cfperl learns to talk
In this installment, Ted explains the workings of cfperl's top-level and compound-class parsers and moves us towards a clearer understanding of the important roles parsers play.
This chapter is from Ted's book, At the Helm, being published serially on the Web in the developerWorks column The road to better programming. Catch up on Ted's earlier chapters.
The top-level cfperl parser processes every configuration line before the line is granted meaning. The distinction is important. The top-level parser gets data in the form of lines of text. Its job is to distill the information from that data. The top-level parser will, for instance, remove all comments on a line by themselves, and all blank lines. All processed, and thus meaningful (to the cfperl interpreter), data is encapsulated for the second-level parsers. It is thus easier to write a second-level parser (for instance, a parser that interprets editing commands) when the top-level parser has taken care of removing conditional execution, blank lines, and other extraneous (to editing) information.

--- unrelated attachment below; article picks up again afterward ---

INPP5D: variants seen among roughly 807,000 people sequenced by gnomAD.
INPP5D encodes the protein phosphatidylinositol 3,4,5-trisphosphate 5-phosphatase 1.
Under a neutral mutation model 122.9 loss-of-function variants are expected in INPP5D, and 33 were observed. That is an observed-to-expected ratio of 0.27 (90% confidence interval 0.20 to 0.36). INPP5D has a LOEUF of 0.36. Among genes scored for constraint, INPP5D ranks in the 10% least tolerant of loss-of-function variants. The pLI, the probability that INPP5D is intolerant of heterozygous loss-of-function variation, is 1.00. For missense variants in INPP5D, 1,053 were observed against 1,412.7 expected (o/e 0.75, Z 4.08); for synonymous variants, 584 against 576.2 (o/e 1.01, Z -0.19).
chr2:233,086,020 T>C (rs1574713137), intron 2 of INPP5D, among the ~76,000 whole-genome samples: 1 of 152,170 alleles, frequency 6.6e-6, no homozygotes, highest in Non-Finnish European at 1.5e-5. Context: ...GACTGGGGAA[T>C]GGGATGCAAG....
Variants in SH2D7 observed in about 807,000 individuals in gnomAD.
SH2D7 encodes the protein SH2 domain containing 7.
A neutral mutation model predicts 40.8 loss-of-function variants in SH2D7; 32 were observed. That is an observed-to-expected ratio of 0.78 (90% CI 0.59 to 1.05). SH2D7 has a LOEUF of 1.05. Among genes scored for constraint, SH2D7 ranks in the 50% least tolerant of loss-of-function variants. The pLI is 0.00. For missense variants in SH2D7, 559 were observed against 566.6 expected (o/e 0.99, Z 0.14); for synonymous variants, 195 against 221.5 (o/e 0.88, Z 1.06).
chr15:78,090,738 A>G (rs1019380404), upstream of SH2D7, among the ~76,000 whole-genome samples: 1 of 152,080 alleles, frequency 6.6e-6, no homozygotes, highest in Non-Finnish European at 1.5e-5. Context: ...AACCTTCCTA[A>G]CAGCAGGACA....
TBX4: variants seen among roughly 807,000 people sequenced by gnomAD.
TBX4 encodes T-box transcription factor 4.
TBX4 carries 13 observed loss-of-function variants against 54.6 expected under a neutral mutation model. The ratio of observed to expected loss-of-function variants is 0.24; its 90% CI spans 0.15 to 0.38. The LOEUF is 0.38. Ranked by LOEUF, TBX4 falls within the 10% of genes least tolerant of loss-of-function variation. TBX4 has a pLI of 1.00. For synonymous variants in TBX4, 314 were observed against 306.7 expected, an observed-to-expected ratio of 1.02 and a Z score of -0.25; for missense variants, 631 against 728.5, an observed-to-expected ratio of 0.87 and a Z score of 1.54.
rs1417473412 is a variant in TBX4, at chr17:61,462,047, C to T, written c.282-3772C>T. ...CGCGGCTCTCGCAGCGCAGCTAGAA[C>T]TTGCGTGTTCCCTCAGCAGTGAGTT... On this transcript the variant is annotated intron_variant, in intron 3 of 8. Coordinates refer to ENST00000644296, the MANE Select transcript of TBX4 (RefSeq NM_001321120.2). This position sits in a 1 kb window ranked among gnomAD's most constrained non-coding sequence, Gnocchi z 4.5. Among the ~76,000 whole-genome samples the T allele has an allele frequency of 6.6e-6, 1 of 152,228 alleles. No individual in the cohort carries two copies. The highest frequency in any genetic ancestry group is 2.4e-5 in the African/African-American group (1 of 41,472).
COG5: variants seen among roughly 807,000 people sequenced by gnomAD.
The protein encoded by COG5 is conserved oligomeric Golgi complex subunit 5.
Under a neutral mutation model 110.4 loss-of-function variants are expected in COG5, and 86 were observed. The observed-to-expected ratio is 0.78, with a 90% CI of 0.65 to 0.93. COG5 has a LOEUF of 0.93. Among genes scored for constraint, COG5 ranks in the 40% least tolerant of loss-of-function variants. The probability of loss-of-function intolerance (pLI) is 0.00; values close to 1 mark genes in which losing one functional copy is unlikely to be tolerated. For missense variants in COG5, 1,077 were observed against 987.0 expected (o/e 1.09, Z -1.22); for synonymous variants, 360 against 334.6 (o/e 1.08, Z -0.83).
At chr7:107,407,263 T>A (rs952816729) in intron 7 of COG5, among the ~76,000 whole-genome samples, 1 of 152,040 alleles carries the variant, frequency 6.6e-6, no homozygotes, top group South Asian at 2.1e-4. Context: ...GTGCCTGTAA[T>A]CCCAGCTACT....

The top-level cfperl parser is the place where cfengine sections, compound classes (a sequence of classes separated by OR ["|"] and AND ["."] symbols, to build a boolean statement), and configuration action lines (anything to be parsed by a second-level parser) are parsed. Each one of those items will be explained in this article. Keep in mind that cfperl is a project in progress, and the cfperl version you see on the cfperl Web site may be different from the static version used in this article (see Resources for links to the Web site and the cfperl.pl download).
To understand the following sections, you must understand the basics of
Parse::RecDescent module. The Resources section has links to previous
articles on this very useful module, if you need that background. Also in Resources
you will find a link to a sample cfengine configuration, which is
essential to understanding the purpose and structure of cfperl.
On another note, I have abstained from actually naming the "#" character the way I name ":" (colon), for instance. The "#" character has at least 10 names, most commonly "pound" and "hash," but use of any particular name is guaranteed to confuse 50 percent of the readers.